Debt as a Percentage of GDP
The apocryphal saying by Senator Everett Dirksen is that the purpose of GDP is to make everything else look small by comparison.
From an economic point of view, it’s not debt as a percentage of GDP that matters, but debt as percentage of available savings, which is alarming if you don’t, either as a nation or individually, HAVE any savings.
As Auburn economist Roger Garrison points out, government borrowing and debt have obvious consequences that are all bad for the economy no matter what the GDP figures are. Garrison writes:
The effect of the deficit will be:
â€¢Â higher interest rates (if the government borrows domestically).
â€¢Â increased inflation (if the Federal Reserve monetizes the debt).
â€¢Â weakened export markets (if the government sells debt abroad).
â€¢Â tax hikes (possibly in the form of a Johnsonesque “surtax”).
â€¢Â or, all the above in some combination
GDP measures output. That can change from year to year. The assets of the country, from home prices to stock prices, can change from year to year and day to day.
But the liabilities we accrue now and tomorrow are the burden that keeps getting heavier. We must tax more later, to pay for what we borrow now. Or, we must borrow more later, to pay for what we borrow now, and all of that assumes there will be a lender. Nothing new or productive is produced with this borrowed money, which is why lenders (foreign central banks) are going to get increasingly tight.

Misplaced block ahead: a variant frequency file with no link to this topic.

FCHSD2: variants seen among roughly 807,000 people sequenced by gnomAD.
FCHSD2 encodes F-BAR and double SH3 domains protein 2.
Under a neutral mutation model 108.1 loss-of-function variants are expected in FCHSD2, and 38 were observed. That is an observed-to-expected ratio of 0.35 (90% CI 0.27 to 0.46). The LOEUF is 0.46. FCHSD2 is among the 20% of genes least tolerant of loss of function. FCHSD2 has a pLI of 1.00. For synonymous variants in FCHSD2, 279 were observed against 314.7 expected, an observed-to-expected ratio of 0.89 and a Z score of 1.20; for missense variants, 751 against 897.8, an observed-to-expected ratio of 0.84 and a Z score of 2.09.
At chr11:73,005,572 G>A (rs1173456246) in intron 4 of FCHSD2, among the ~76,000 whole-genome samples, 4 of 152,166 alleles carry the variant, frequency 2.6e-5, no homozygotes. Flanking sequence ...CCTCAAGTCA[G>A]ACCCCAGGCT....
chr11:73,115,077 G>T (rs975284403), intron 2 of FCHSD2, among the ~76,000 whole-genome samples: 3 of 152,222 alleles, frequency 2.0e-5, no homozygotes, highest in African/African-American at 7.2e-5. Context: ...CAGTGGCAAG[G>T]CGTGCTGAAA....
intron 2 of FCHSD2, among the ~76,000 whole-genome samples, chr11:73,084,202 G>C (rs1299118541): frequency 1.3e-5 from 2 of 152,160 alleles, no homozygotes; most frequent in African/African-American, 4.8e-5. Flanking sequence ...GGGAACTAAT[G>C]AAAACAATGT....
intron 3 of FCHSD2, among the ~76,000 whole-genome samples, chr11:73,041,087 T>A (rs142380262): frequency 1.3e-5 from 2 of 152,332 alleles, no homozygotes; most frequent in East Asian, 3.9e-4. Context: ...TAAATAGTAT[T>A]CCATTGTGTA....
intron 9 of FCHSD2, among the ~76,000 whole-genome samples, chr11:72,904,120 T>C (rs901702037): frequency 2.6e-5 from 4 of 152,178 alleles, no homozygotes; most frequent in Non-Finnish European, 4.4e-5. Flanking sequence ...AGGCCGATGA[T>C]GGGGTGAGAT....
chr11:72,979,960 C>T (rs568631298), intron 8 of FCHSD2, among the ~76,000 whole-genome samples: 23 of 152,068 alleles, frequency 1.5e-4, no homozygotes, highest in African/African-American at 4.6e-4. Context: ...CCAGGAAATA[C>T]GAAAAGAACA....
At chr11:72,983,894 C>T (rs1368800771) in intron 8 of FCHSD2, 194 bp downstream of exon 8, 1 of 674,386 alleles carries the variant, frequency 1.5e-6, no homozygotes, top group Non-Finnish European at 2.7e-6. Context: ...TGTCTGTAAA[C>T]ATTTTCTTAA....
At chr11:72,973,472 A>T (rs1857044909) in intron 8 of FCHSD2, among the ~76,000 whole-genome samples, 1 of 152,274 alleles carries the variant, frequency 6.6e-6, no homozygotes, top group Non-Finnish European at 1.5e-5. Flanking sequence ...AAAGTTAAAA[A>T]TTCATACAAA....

Debt’s effect over the long run is to lower growth and GDP. So, measuring deficits as a percentage of GDP is like measuring liver cancer as a percentage of body fat, a non sequitur. You’ve still got cancer and you’ve still got body fat. The one is going to kill you. The other is going to be killed.
Too much debt and chronic deficit spending hamstring an economyâ€™s ability to grow. The people who suggest that everything is OK because the debt-to-GDP ratio is historically acceptable aren’t doing Americans any favors. They’re encouraging Congress to keep spending more than it has, and Americans to borrow money today that will cost them more to pay back tomorrow.
It’s hard to pay debt back when you don’t have any savings. It’s hard to pay debt back when your income is growing. And it’s even harder to pay debt back when you have to borrow from one creditor to pay another. That is called insolvency, and it is the result of not taking your problem seriously enough because it was a small percentage of GDP.
GDP really is the most meaningless statistic we have going these days. That nation’s financial health is not measured by the accumulated output of its citizens…it’s measured by the individual financial behavior of those citizens and their government, and that behavior is pretty bad. You wouldn’t measure the quality of a meal by the loudness of a man’s belch.